Felsted Aid mini bus sets out on journey to Ukraine
- Credit: Archant
The brand new mini bus that is part of Felsted Aid’s convoy to the Ukraine, helping children still being affected by the 1986 Chernobyl disaster, has been called Milosh.
The vehicle, donated by London Rotary Clubs, has been named in memory of Milosh Angermann, originally from Czechoslovakia who lived in South Woodham Ferrers and supported the charity.
Pauline Craven with her partner Alan Hilliar, founded Felsted Aid for Deprived Children in 2001, which in 2009 became the charity UK-AID. She said: “Milosh always wanted to go out on one of our trips but he died in his 80s before he could. Now he will go on every journey.”
The latest expedition with seven tonnes of humanitarian aid left Leaden Roding just after dawn on Friday (July 10). It included three vehicles, the mini-bus and two vans pulling a loaded trailer. People who have donated equipment and children’s toys include Arsenal Football Club, and manufacturers of shoes and cleaning products.
Pauline, who worked with refugees in Bosnia in the 1990s, started the charity after learning about the continuing effects of the Chernobyl nuclear fall-out. Felsted Aid supports the work of Dr Vasil Pasichnik who at the time of the disaster was concerned about children who did not receive iodine to dilute the effects of radiation.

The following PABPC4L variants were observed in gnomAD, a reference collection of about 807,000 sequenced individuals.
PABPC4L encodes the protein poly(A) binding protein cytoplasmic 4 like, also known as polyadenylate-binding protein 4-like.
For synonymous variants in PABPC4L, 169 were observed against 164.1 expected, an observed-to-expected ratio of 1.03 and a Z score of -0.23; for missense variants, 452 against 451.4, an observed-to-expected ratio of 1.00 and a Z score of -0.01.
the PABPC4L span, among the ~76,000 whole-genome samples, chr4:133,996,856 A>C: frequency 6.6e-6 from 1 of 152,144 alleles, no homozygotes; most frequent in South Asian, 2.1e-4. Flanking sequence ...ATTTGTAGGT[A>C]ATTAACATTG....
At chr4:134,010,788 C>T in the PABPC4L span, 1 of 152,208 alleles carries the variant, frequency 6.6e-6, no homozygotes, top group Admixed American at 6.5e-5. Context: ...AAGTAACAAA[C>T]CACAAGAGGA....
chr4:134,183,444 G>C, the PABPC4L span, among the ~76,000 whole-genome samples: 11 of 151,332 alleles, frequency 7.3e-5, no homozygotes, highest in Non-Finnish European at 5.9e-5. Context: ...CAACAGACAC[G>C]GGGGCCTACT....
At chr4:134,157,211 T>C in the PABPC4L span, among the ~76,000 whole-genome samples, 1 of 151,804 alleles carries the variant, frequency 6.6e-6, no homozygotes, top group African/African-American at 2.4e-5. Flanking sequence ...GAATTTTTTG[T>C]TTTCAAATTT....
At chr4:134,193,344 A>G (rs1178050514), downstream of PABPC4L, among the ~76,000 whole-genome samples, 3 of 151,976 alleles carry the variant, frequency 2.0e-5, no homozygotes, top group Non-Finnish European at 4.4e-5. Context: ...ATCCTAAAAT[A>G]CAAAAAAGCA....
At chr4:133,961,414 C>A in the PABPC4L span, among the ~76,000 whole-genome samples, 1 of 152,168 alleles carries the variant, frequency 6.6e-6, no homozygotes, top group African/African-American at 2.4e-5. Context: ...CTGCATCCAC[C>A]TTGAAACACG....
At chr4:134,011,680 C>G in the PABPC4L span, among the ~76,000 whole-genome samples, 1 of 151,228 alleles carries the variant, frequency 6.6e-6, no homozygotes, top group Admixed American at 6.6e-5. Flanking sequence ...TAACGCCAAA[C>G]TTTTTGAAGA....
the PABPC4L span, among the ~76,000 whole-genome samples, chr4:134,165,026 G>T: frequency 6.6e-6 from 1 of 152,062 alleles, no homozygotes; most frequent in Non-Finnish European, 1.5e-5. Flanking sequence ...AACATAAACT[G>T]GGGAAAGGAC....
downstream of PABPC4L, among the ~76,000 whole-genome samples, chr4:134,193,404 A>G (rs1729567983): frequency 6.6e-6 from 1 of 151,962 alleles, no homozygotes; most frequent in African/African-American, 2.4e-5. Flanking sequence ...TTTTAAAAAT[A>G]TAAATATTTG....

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In 1995, Dr Pasichnik was given a derelict building by the local government. He had no financial means to create the centre so through a video tape he applied to British charities for help. Since then, six buildings have been converted into a centre of excellence acknowledged by UNICEF (The United Nations’ fund for children) and the Ukrainian Government. Some 1,600 children are treated annually.
Pauline said: “Working with other 24 organisations in the UK, we supply aid to families, hospitals, orphanages and even prisons where they need blankets.”
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The 3,500 mile trip will take four days. Milosh, the mini-bus will stay in Ukraine to distribute aid there. Picture: Braintree TV